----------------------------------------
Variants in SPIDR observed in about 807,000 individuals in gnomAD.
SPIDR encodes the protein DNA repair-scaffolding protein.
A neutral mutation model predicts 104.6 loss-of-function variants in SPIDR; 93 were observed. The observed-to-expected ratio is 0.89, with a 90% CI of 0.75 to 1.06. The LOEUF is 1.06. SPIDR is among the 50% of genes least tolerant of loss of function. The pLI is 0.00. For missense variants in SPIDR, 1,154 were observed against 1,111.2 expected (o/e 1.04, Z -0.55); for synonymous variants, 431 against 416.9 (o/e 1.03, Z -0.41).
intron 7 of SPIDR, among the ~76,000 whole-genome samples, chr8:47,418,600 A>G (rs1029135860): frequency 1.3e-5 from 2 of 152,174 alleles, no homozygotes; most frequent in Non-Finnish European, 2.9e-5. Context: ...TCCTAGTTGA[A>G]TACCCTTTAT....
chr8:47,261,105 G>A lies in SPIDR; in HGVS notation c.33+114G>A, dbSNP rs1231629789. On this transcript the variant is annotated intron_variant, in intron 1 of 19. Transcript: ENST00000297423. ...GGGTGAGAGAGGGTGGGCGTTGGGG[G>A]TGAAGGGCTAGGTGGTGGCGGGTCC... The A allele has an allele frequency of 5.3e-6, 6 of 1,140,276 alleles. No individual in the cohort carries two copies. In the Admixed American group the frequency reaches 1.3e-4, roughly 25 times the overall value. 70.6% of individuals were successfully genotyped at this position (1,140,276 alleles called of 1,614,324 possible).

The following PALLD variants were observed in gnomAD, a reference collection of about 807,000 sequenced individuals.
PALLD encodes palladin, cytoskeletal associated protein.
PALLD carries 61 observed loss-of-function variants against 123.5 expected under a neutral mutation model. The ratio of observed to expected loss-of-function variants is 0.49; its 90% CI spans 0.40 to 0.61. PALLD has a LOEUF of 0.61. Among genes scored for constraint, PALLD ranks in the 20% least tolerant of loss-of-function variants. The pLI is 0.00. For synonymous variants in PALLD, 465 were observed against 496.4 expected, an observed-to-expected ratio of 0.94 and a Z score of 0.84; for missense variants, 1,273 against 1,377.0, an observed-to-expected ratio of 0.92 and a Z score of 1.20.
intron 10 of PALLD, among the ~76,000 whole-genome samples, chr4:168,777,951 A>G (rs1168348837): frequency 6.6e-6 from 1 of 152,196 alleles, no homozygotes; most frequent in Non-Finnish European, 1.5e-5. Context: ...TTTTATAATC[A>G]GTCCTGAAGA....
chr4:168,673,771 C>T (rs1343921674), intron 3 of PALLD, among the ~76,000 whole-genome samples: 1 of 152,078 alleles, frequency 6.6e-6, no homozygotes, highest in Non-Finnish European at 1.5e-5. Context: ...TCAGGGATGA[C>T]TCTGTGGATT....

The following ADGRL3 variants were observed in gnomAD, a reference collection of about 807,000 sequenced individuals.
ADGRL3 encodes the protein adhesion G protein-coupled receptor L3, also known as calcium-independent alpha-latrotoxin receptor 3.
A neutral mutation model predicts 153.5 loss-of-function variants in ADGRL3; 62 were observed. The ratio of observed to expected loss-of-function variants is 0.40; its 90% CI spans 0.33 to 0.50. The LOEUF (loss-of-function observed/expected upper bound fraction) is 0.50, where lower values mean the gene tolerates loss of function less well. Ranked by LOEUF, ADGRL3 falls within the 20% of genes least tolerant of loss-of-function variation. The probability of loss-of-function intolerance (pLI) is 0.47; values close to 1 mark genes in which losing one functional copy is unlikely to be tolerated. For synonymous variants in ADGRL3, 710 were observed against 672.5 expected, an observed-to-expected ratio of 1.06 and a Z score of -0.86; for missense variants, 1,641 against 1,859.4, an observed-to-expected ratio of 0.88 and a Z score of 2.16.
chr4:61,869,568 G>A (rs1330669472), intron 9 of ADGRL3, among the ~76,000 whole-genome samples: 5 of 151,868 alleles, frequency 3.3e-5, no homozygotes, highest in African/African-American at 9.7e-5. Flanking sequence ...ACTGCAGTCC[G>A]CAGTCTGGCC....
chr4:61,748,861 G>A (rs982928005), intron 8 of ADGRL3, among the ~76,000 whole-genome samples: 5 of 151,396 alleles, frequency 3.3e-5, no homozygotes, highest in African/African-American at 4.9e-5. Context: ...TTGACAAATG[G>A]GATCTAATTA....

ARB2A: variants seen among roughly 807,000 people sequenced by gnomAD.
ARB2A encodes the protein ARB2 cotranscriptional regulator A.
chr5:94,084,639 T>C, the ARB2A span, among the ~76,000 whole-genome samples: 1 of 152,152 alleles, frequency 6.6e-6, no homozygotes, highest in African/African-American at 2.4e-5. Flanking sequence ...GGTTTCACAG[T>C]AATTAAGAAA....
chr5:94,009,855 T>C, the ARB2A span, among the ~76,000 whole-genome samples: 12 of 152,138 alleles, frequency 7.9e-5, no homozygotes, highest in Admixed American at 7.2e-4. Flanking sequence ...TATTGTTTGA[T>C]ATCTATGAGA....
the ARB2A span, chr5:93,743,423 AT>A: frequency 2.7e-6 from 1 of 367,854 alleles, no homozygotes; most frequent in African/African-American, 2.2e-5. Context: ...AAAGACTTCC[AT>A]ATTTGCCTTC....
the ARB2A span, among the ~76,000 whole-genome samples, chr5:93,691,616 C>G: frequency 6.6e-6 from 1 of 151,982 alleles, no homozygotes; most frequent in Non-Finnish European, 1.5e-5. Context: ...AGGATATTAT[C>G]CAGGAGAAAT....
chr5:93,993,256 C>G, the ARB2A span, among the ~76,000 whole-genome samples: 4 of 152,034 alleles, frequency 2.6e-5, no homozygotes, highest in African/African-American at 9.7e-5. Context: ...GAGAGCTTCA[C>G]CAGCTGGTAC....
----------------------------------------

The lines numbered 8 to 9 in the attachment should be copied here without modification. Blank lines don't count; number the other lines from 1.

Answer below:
PALLD carries 61 observed loss-of-function variants against 123.5 expected under a neutral mutation model. The ratio of observed to expected loss-of-function variants is 0.49; its 90% CI spans 0.40 to 0.61. PALLD has a LOEUF of 0.61. Among genes scored for constraint, PALLD ranks in the 20% least tolerant of loss-of-function variants. The pLI is 0.00. For synonymous variants in PALLD, 465 were observed against 496.4 expected, an observed-to-expected ratio of 0.94 and a Z score of 0.84; for missense variants, 1,273 against 1,377.0, an observed-to-expected ratio of 0.92 and a Z score of 1.20.
intron 10 of PALLD, among the ~76,000 whole-genome samples, chr4:168,777,951 A>G (rs1168348837): frequency 6.6e-6 from 1 of 152,196 alleles, no homozygotes; most frequent in Non-Finnish European, 1.5e-5. Context: ...TTTTATAATC[A>G]GTCCTGAAGA....